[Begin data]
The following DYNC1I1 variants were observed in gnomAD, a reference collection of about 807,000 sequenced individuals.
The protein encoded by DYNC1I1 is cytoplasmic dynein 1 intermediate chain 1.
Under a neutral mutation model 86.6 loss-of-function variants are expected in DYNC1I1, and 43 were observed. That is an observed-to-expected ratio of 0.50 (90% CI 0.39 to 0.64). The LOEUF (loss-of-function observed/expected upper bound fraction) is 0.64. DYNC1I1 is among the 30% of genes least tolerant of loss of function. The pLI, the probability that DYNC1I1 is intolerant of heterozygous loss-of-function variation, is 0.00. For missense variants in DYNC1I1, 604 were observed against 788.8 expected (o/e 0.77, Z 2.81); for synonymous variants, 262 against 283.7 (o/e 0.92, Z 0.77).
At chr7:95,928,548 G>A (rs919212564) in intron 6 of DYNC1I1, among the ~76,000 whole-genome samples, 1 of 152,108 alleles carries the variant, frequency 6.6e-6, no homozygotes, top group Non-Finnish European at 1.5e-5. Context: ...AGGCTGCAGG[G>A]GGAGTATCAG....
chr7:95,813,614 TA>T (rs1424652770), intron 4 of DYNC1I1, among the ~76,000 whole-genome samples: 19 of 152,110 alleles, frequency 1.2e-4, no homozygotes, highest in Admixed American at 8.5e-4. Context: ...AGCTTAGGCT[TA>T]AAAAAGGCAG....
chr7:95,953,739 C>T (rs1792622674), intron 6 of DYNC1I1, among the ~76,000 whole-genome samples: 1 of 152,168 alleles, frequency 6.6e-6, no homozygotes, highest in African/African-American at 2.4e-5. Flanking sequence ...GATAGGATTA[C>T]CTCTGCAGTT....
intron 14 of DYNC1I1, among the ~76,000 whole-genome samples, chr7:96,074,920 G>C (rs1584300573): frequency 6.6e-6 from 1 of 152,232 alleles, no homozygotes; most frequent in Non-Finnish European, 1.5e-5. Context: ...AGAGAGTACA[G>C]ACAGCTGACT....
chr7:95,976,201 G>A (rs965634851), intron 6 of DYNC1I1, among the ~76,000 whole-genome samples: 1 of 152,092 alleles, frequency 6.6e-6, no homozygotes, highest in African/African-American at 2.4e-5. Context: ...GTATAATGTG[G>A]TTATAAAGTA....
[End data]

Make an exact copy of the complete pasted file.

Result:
The following DYNC1I1 variants were observed in gnomAD, a reference collection of about 807,000 sequenced individuals.
The protein encoded by DYNC1I1 is cytoplasmic dynein 1 intermediate chain 1.
Under a neutral mutation model 86.6 loss-of-function variants are expected in DYNC1I1, and 43 were observed. That is an observed-to-expected ratio of 0.50 (90% CI 0.39 to 0.64). The LOEUF (loss-of-function observed/expected upper bound fraction) is 0.64. DYNC1I1 is among the 30% of genes least tolerant of loss of function. The pLI, the probability that DYNC1I1 is intolerant of heterozygous loss-of-function variation, is 0.00. For missense variants in DYNC1I1, 604 were observed against 788.8 expected (o/e 0.77, Z 2.81); for synonymous variants, 262 against 283.7 (o/e 0.92, Z 0.77).
At chr7:95,928,548 G>A (rs919212564) in intron 6 of DYNC1I1, among the ~76,000 whole-genome samples, 1 of 152,108 alleles carries the variant, frequency 6.6e-6, no homozygotes, top group Non-Finnish European at 1.5e-5. Context: ...AGGCTGCAGG[G>A]GGAGTATCAG....
chr7:95,813,614 TA>T (rs1424652770), intron 4 of DYNC1I1, among the ~76,000 whole-genome samples: 19 of 152,110 alleles, frequency 1.2e-4, no homozygotes, highest in Admixed American at 8.5e-4. Context: ...AGCTTAGGCT[TA>T]AAAAAGGCAG....
chr7:95,953,739 C>T (rs1792622674), intron 6 of DYNC1I1, among the ~76,000 whole-genome samples: 1 of 152,168 alleles, frequency 6.6e-6, no homozygotes, highest in African/African-American at 2.4e-5. Flanking sequence ...GATAGGATTA[C>T]CTCTGCAGTT....
intron 14 of DYNC1I1, among the ~76,000 whole-genome samples, chr7:96,074,920 G>C (rs1584300573): frequency 6.6e-6 from 1 of 152,232 alleles, no homozygotes; most frequent in Non-Finnish European, 1.5e-5. Context: ...AGAGAGTACA[G>C]ACAGCTGACT....
chr7:95,976,201 G>A (rs965634851), intron 6 of DYNC1I1, among the ~76,000 whole-genome samples: 1 of 152,092 alleles, frequency 6.6e-6, no homozygotes, highest in African/African-American at 2.4e-5. Context: ...GTATAATGTG[G>A]TTATAAAGTA....